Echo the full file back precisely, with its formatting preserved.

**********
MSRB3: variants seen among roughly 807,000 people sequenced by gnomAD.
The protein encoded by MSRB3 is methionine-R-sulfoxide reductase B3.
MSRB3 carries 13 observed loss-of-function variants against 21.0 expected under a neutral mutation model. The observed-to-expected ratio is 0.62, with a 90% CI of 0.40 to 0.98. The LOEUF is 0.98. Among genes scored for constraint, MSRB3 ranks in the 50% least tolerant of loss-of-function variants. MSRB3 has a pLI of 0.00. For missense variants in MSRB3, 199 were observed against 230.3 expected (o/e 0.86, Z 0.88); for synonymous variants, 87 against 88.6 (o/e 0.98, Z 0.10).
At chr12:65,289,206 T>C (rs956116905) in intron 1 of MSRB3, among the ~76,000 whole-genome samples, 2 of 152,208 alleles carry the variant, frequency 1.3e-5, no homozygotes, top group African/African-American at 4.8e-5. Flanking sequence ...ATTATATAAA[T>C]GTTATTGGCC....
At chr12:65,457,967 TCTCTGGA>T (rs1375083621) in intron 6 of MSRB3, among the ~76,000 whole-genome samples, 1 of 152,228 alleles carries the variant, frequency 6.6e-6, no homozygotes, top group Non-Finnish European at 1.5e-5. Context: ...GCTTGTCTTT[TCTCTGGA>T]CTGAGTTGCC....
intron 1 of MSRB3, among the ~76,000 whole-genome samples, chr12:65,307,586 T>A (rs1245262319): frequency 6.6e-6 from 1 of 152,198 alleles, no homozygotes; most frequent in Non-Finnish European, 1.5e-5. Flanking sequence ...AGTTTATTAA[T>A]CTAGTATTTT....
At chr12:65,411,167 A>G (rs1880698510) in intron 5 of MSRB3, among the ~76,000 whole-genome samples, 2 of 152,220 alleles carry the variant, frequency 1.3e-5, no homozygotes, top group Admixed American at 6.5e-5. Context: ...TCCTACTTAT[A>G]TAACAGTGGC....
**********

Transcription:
MSRB3: variants seen among roughly 807,000 people sequenced by gnomAD.
The protein encoded by MSRB3 is methionine-R-sulfoxide reductase B3.
MSRB3 carries 13 observed loss-of-function variants against 21.0 expected under a neutral mutation model. The observed-to-expected ratio is 0.62, with a 90% CI of 0.40 to 0.98. The LOEUF is 0.98. Among genes scored for constraint, MSRB3 ranks in the 50% least tolerant of loss-of-function variants. MSRB3 has a pLI of 0.00. For missense variants in MSRB3, 199 were observed against 230.3 expected (o/e 0.86, Z 0.88); for synonymous variants, 87 against 88.6 (o/e 0.98, Z 0.10).
At chr12:65,289,206 T>C (rs956116905) in intron 1 of MSRB3, among the ~76,000 whole-genome samples, 2 of 152,208 alleles carry the variant, frequency 1.3e-5, no homozygotes, top group African/African-American at 4.8e-5. Flanking sequence ...ATTATATAAA[T>C]GTTATTGGCC....
At chr12:65,457,967 TCTCTGGA>T (rs1375083621) in intron 6 of MSRB3, among the ~76,000 whole-genome samples, 1 of 152,228 alleles carries the variant, frequency 6.6e-6, no homozygotes, top group Non-Finnish European at 1.5e-5. Context: ...GCTTGTCTTT[TCTCTGGA>T]CTGAGTTGCC....
intron 1 of MSRB3, among the ~76,000 whole-genome samples, chr12:65,307,586 T>A (rs1245262319): frequency 6.6e-6 from 1 of 152,198 alleles, no homozygotes; most frequent in Non-Finnish European, 1.5e-5. Flanking sequence ...AGTTTATTAA[T>A]CTAGTATTTT....
At chr12:65,411,167 A>G (rs1880698510) in intron 5 of MSRB3, among the ~76,000 whole-genome samples, 2 of 152,220 alleles carry the variant, frequency 1.3e-5, no homozygotes, top group Admixed American at 6.5e-5. Context: ...TCCTACTTAT[A>G]TAACAGTGGC....